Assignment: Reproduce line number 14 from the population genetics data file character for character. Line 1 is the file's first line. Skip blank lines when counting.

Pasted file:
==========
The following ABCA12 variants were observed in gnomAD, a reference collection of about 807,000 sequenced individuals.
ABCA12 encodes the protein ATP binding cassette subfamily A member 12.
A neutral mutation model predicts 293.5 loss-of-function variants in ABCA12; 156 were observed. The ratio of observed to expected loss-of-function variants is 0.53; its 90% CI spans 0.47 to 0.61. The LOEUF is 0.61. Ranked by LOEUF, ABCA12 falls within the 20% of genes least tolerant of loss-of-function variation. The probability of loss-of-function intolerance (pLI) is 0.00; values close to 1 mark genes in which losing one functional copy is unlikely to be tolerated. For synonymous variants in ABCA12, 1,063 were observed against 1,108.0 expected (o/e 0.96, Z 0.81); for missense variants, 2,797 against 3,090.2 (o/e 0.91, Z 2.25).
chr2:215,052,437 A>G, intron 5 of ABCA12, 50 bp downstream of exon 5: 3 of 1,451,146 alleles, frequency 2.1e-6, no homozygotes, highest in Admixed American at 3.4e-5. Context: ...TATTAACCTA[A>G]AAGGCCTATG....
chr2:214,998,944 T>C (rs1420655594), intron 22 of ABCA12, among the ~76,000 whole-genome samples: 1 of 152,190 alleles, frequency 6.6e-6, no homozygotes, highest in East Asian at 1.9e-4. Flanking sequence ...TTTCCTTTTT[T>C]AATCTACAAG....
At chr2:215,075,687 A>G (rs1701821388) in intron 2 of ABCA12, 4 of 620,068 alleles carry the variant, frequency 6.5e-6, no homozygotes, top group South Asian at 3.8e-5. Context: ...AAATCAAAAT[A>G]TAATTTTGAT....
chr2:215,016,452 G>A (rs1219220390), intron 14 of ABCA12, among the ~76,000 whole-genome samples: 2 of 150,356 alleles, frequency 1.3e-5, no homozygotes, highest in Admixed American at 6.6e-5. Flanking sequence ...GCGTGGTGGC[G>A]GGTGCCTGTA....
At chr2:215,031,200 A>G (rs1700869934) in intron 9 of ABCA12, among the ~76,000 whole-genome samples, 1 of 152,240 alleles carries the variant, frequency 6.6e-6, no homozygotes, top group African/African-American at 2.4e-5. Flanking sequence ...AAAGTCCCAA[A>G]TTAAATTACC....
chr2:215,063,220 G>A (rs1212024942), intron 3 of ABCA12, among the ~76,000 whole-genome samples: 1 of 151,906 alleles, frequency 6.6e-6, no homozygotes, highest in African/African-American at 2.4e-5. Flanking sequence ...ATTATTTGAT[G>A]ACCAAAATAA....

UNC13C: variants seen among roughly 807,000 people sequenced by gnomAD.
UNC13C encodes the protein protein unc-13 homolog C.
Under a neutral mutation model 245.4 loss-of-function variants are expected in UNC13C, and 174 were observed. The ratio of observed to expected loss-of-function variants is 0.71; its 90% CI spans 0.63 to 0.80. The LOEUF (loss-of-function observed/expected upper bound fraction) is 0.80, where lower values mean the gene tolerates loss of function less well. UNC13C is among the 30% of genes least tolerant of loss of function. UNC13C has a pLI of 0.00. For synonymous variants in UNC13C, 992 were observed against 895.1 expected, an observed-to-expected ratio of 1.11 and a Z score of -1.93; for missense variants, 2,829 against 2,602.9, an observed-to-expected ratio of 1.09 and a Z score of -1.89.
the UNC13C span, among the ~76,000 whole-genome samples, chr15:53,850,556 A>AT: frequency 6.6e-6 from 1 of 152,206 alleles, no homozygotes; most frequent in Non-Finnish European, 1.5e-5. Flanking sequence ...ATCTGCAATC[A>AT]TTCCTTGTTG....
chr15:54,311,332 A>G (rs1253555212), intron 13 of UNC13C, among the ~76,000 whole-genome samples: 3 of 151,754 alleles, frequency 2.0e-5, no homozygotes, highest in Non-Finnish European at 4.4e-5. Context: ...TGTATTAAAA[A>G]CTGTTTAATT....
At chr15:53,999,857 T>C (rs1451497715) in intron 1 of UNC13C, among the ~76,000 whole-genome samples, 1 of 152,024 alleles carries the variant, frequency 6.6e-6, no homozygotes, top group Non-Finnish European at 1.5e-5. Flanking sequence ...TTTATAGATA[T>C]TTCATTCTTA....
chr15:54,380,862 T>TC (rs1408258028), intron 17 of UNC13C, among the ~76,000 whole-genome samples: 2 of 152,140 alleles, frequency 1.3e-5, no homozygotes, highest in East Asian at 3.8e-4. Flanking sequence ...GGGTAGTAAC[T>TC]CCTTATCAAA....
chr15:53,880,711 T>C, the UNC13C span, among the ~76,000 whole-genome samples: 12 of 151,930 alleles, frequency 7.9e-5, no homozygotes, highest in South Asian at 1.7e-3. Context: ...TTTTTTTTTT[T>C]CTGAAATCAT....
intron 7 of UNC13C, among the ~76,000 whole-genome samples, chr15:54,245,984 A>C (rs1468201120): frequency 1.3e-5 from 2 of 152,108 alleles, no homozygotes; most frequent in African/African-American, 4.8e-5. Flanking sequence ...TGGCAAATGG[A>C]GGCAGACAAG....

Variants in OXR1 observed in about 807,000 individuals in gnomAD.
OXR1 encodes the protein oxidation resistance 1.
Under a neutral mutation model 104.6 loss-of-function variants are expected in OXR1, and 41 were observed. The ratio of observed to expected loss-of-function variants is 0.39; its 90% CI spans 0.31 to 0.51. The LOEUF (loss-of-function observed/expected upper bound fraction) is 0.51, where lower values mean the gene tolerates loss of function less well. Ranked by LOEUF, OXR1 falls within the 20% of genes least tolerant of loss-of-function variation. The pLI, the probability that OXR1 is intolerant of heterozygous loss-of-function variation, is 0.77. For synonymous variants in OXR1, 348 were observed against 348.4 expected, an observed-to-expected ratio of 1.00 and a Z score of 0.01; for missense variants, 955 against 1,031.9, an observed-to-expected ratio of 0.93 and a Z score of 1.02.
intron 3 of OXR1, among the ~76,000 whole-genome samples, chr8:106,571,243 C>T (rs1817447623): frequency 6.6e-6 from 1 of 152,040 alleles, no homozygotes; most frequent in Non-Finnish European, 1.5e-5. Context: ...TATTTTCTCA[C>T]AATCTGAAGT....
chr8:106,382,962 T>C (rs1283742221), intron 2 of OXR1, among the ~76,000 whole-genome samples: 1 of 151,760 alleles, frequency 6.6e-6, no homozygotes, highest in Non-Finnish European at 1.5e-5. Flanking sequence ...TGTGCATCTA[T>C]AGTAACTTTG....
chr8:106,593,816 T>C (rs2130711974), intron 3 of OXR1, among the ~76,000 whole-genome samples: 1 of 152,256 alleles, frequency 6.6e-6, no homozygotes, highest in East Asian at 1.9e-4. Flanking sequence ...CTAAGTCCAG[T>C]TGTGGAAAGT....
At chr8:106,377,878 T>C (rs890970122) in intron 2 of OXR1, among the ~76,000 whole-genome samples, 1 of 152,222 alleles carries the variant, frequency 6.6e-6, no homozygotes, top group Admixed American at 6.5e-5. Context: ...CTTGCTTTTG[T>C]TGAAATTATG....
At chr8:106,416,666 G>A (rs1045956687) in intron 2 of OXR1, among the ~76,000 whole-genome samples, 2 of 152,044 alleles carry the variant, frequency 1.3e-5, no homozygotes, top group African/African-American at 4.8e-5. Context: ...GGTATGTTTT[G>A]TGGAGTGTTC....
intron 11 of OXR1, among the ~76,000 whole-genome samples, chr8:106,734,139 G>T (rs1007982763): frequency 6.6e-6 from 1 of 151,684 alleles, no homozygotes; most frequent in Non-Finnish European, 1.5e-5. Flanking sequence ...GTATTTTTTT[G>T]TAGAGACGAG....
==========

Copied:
chr15:54,311,332 A>G (rs1253555212), intron 13 of UNC13C, among the ~76,000 whole-genome samples: 3 of 151,754 alleles, frequency 2.0e-5, no homozygotes, highest in Non-Finnish European at 4.4e-5. Context: ...TGTATTAAAA[A>G]CTGTTTAATT....